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City Models: From Panstereorama to the Present, a talk with Patrick Ellis

April 11 2:00 pm

On April 11, 2019 The David Rumsey Map Center will host a talk with Patrick Ellis about City Models: From Panstereorama to the Present David Rumsey recently digitized an immense model of San Francisco built by the WPA. It includes every structure of the city circa 1939, carved in miniature. Historians of cartography swap stories of such models today; they are uncommon cartographic spectacles—one cast in stone, here; another printed in plastic, there. At one time, these models were common enough to warrant their own designated…

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A Modern Contagion: Cholera’s Impact on Iranian History

April 11 6:30 pm - 8:00 pm

Amir A. Afkhami presents an overview of pandemic cholera’s seminal role in the emergence and development of modernity in Iran during the nineteenth and twentieth centuries. This includes details on cholera’s transformative impact on the country’s governance and perspectives on medicine, disease, and public health. It also sheds light on how cholera shaped Iran’s globalization and diplomacy and how it triggered revolutionary events such as the Tobacco Protest and the Constitutional Revolution. His presentation challenges the long held historical assumptions…

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Kevin Young Reading, part of the Lane Lecture Series

April 15 8:00 pm - 9:00 pm

Photo credit Melanie Dunea Part of the Lane Lecture Series Kevin Young is the Director of the Schomburg Center for Research in Black Culture and is widely regarded as one of the leading poets of his generation. Young is also poetry editor at The New Yorker. Also an editor, essayist, and curator, Young’s ten books of poetry include: Blue Laws: Selected & Uncollected Poems 1995-2015 (Knopf, 2016), longlisted for the National Book Award; Book of Hours (Knopf, 2014); Ardency: A Chronicle of the Amistad Rebels (Knopf, 2011), winner of an…

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Kevin Young Colloquium, part of the Lane Lecture Series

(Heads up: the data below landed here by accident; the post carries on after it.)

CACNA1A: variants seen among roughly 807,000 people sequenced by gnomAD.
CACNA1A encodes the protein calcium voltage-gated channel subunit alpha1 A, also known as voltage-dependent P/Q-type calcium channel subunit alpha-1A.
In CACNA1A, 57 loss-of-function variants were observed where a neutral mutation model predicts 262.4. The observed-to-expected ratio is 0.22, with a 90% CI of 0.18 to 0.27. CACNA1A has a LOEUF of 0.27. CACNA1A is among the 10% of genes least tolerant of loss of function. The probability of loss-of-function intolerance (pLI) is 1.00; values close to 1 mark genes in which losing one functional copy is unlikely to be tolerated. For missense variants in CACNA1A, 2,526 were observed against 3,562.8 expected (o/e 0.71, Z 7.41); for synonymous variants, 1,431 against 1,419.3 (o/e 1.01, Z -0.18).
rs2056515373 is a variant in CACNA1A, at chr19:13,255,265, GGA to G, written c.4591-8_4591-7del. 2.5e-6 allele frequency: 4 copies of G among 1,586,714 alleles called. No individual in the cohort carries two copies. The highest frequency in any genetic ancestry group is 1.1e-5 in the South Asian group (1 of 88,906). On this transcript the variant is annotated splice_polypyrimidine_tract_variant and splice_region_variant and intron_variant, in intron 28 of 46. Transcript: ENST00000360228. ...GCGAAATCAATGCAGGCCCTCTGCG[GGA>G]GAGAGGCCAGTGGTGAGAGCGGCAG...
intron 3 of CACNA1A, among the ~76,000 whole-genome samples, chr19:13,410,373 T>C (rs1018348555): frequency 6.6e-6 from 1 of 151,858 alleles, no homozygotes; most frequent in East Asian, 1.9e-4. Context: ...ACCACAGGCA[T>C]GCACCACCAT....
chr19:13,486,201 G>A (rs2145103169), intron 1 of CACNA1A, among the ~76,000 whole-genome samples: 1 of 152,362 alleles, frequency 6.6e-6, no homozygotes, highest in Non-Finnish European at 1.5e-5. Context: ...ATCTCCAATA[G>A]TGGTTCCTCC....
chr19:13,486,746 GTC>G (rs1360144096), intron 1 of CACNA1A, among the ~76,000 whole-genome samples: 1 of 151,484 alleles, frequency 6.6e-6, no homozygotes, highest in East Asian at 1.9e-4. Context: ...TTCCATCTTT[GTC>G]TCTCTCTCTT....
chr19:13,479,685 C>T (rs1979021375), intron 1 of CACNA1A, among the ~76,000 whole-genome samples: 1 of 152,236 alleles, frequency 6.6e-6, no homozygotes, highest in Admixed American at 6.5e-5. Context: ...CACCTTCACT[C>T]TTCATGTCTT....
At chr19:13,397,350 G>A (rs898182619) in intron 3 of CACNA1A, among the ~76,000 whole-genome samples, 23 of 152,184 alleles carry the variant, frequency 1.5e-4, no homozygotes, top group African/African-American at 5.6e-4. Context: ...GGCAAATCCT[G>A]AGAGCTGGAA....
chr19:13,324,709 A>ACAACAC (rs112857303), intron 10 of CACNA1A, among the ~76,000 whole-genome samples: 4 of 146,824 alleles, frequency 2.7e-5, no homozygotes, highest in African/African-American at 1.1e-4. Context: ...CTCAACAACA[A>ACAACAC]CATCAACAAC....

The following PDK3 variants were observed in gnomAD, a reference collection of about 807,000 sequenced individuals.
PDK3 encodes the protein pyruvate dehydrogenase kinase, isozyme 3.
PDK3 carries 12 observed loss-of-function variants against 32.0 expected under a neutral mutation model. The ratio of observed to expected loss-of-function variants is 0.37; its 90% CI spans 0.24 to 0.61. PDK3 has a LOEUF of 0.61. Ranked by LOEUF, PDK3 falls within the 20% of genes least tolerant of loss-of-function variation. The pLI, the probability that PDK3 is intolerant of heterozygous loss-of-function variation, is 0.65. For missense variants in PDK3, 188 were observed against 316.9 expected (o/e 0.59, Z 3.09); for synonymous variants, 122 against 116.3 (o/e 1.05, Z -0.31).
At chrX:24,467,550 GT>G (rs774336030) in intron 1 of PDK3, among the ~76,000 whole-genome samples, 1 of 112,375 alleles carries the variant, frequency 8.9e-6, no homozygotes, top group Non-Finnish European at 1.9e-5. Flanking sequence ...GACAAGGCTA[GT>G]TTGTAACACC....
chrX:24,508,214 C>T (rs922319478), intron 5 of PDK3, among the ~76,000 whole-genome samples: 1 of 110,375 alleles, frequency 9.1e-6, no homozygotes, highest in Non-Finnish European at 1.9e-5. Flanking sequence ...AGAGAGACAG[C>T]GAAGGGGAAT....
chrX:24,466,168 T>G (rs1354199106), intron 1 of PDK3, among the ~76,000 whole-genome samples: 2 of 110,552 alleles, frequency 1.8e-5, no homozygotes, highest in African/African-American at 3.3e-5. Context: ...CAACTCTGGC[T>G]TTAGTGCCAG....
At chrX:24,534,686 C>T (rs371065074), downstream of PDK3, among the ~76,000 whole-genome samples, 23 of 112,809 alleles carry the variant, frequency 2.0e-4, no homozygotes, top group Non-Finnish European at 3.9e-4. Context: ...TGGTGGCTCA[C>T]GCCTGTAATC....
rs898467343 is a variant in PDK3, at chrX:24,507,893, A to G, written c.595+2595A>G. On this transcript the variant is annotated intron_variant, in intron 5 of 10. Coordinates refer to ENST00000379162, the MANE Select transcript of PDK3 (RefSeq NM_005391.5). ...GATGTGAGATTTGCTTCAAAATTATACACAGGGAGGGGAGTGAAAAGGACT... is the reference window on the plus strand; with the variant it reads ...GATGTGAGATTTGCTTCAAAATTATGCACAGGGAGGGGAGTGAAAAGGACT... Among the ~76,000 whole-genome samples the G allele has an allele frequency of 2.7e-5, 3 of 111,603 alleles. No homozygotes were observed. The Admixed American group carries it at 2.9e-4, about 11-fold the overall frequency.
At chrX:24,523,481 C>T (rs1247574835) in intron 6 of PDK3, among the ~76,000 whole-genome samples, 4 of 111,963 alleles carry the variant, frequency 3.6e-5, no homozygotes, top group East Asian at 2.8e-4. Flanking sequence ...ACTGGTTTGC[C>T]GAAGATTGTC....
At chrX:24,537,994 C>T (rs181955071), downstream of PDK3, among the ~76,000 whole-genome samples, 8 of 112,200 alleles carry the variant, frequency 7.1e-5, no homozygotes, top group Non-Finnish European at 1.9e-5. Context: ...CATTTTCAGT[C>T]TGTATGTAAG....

April 16 11:00 am - 12:00 pm

Photo credit Melanie Dunea Part of the Lane Lecture Series Kevin Young is the Director of the Schomburg Center for Research in Black Culture and is widely regarded as one of the leading poets of his generation. Young is also poetry editor at The New Yorker. Also an editor, essayist, and curator, Young’s ten books of poetry include: Blue Laws: Selected & Uncollected Poems 1995-2015 (Knopf, 2016), longlisted for the National Book Award; Book of Hours (Knopf, 2014); Ardency: A Chronicle of the Amistad Rebels (Knopf, 2011), winner of an…

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Robin Coste Lewis: Poetry Reading

April 17 6:00 pm - 7:00 pm

Hear poet Robin Coste Lewis, author of Voyage of the Sable Venus (2015)–winner of the National Book Award for Poetry–read her work. This program is in conjunction with the Center for Comparative Studies in Race and Ethnicity at Stanford. Click here to register for this free event. Photo courtesy of Amanda Schwengel and Hampshire College.

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Stegner Fellow Reading with Sterling HolyWhiteMountain and sam sax

April 24 6:30 pm - 7:30 pm

Reading with first year Stegner Fellows in Fiction and Poetry, Sterling HolyWhiteMountain and sam sax Sterling HolyWhiteMountain grew up on the Blackfeet Reservation in northwest Montana. He holds a BA in English creative writing from the University of Montana and an MFA in fiction from the University of Iowa. He was also a James C. McCreight Fiction Fellow at the University of Wisconsin. His work has appeared in volumes 1 and 2 of Off the Path: An Anthology of 21st…